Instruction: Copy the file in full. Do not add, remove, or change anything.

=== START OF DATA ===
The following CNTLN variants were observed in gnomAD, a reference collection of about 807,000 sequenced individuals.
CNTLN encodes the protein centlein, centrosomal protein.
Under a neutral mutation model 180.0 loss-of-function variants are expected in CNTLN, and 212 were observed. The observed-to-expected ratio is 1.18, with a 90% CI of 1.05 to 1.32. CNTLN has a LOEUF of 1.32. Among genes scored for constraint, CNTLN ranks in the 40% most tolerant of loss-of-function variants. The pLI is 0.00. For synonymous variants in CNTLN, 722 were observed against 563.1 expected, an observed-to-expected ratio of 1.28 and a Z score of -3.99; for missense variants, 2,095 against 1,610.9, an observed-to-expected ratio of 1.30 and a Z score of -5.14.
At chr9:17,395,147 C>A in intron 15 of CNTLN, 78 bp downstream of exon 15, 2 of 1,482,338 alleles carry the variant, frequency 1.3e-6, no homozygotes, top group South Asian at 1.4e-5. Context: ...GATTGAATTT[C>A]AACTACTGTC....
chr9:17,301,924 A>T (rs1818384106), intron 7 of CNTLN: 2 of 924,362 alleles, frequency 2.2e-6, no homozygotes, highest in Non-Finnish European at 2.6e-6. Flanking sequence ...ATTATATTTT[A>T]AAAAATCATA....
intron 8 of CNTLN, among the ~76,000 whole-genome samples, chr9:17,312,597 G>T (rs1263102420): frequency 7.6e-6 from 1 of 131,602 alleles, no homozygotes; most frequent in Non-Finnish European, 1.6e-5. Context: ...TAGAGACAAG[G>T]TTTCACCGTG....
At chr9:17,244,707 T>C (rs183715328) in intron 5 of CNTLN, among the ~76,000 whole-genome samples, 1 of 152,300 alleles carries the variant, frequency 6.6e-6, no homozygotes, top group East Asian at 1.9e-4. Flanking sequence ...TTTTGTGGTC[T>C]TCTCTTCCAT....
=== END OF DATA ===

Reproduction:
The following CNTLN variants were observed in gnomAD, a reference collection of about 807,000 sequenced individuals.
CNTLN encodes the protein centlein, centrosomal protein.
Under a neutral mutation model 180.0 loss-of-function variants are expected in CNTLN, and 212 were observed. The observed-to-expected ratio is 1.18, with a 90% CI of 1.05 to 1.32. CNTLN has a LOEUF of 1.32. Among genes scored for constraint, CNTLN ranks in the 40% most tolerant of loss-of-function variants. The pLI is 0.00. For synonymous variants in CNTLN, 722 were observed against 563.1 expected, an observed-to-expected ratio of 1.28 and a Z score of -3.99; for missense variants, 2,095 against 1,610.9, an observed-to-expected ratio of 1.30 and a Z score of -5.14.
At chr9:17,395,147 C>A in intron 15 of CNTLN, 78 bp downstream of exon 15, 2 of 1,482,338 alleles carry the variant, frequency 1.3e-6, no homozygotes, top group South Asian at 1.4e-5. Context: ...GATTGAATTT[C>A]AACTACTGTC....
chr9:17,301,924 A>T (rs1818384106), intron 7 of CNTLN: 2 of 924,362 alleles, frequency 2.2e-6, no homozygotes, highest in Non-Finnish European at 2.6e-6. Flanking sequence ...ATTATATTTT[A>T]AAAAATCATA....
intron 8 of CNTLN, among the ~76,000 whole-genome samples, chr9:17,312,597 G>T (rs1263102420): frequency 7.6e-6 from 1 of 131,602 alleles, no homozygotes; most frequent in Non-Finnish European, 1.6e-5. Context: ...TAGAGACAAG[G>T]TTTCACCGTG....
At chr9:17,244,707 T>C (rs183715328) in intron 5 of CNTLN, among the ~76,000 whole-genome samples, 1 of 152,300 alleles carries the variant, frequency 6.6e-6, no homozygotes, top group East Asian at 1.9e-4. Flanking sequence ...TTTTGTGGTC[T>C]TCTCTTCCAT....